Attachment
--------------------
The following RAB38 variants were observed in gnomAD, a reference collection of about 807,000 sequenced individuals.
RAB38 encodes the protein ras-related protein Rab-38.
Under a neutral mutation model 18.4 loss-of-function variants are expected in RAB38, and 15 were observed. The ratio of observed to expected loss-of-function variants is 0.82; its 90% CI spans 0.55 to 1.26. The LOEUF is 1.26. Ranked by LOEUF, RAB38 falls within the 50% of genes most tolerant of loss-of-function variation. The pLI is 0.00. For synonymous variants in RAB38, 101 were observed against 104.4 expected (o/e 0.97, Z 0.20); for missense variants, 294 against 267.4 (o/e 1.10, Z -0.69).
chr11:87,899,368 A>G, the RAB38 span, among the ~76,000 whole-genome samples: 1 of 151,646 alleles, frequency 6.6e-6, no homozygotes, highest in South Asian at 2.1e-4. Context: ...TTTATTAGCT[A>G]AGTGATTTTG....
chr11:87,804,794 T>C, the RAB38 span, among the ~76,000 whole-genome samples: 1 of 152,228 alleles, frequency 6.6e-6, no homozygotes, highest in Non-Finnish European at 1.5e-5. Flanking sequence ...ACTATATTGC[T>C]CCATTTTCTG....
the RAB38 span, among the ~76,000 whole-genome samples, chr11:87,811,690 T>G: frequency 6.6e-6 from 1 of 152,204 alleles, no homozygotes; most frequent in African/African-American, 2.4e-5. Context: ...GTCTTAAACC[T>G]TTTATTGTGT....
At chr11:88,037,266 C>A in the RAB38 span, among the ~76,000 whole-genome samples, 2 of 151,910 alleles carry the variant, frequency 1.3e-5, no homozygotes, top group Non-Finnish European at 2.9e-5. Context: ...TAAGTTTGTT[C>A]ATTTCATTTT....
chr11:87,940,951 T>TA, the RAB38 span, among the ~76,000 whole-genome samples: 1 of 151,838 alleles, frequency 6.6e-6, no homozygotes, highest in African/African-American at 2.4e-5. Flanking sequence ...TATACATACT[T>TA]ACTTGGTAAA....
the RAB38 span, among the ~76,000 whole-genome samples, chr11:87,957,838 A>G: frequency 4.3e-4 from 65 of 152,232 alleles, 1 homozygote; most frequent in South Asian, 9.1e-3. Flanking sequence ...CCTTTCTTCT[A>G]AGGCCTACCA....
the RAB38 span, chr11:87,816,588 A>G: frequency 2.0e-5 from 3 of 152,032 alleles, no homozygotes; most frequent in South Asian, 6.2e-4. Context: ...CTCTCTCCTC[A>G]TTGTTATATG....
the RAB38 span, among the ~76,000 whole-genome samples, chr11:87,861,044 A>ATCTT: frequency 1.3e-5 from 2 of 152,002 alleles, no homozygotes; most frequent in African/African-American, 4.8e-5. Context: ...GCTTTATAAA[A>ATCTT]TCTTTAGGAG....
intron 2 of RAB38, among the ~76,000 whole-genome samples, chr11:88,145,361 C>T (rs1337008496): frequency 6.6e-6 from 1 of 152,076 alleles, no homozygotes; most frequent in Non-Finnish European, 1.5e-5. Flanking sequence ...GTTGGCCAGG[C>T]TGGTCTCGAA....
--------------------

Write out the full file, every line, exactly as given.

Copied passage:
The following RAB38 variants were observed in gnomAD, a reference collection of about 807,000 sequenced individuals.
RAB38 encodes the protein ras-related protein Rab-38.
Under a neutral mutation model 18.4 loss-of-function variants are expected in RAB38, and 15 were observed. The ratio of observed to expected loss-of-function variants is 0.82; its 90% CI spans 0.55 to 1.26. The LOEUF is 1.26. Ranked by LOEUF, RAB38 falls within the 50% of genes most tolerant of loss-of-function variation. The pLI is 0.00. For synonymous variants in RAB38, 101 were observed against 104.4 expected (o/e 0.97, Z 0.20); for missense variants, 294 against 267.4 (o/e 1.10, Z -0.69).
chr11:87,899,368 A>G, the RAB38 span, among the ~76,000 whole-genome samples: 1 of 151,646 alleles, frequency 6.6e-6, no homozygotes, highest in South Asian at 2.1e-4. Context: ...TTTATTAGCT[A>G]AGTGATTTTG....
chr11:87,804,794 T>C, the RAB38 span, among the ~76,000 whole-genome samples: 1 of 152,228 alleles, frequency 6.6e-6, no homozygotes, highest in Non-Finnish European at 1.5e-5. Flanking sequence ...ACTATATTGC[T>C]CCATTTTCTG....
the RAB38 span, among the ~76,000 whole-genome samples, chr11:87,811,690 T>G: frequency 6.6e-6 from 1 of 152,204 alleles, no homozygotes; most frequent in African/African-American, 2.4e-5. Context: ...GTCTTAAACC[T>G]TTTATTGTGT....
At chr11:88,037,266 C>A in the RAB38 span, among the ~76,000 whole-genome samples, 2 of 151,910 alleles carry the variant, frequency 1.3e-5, no homozygotes, top group Non-Finnish European at 2.9e-5. Context: ...TAAGTTTGTT[C>A]ATTTCATTTT....
chr11:87,940,951 T>TA, the RAB38 span, among the ~76,000 whole-genome samples: 1 of 151,838 alleles, frequency 6.6e-6, no homozygotes, highest in African/African-American at 2.4e-5. Flanking sequence ...TATACATACT[T>TA]ACTTGGTAAA....
the RAB38 span, among the ~76,000 whole-genome samples, chr11:87,957,838 A>G: frequency 4.3e-4 from 65 of 152,232 alleles, 1 homozygote; most frequent in South Asian, 9.1e-3. Flanking sequence ...CCTTTCTTCT[A>G]AGGCCTACCA....
the RAB38 span, chr11:87,816,588 A>G: frequency 2.0e-5 from 3 of 152,032 alleles, no homozygotes; most frequent in South Asian, 6.2e-4. Context: ...CTCTCTCCTC[A>G]TTGTTATATG....
the RAB38 span, among the ~76,000 whole-genome samples, chr11:87,861,044 A>ATCTT: frequency 1.3e-5 from 2 of 152,002 alleles, no homozygotes; most frequent in African/African-American, 4.8e-5. Context: ...GCTTTATAAA[A>ATCTT]TCTTTAGGAG....
intron 2 of RAB38, among the ~76,000 whole-genome samples, chr11:88,145,361 C>T (rs1337008496): frequency 6.6e-6 from 1 of 152,076 alleles, no homozygotes; most frequent in Non-Finnish European, 1.5e-5. Flanking sequence ...GTTGGCCAGG[C>T]TGGTCTCGAA....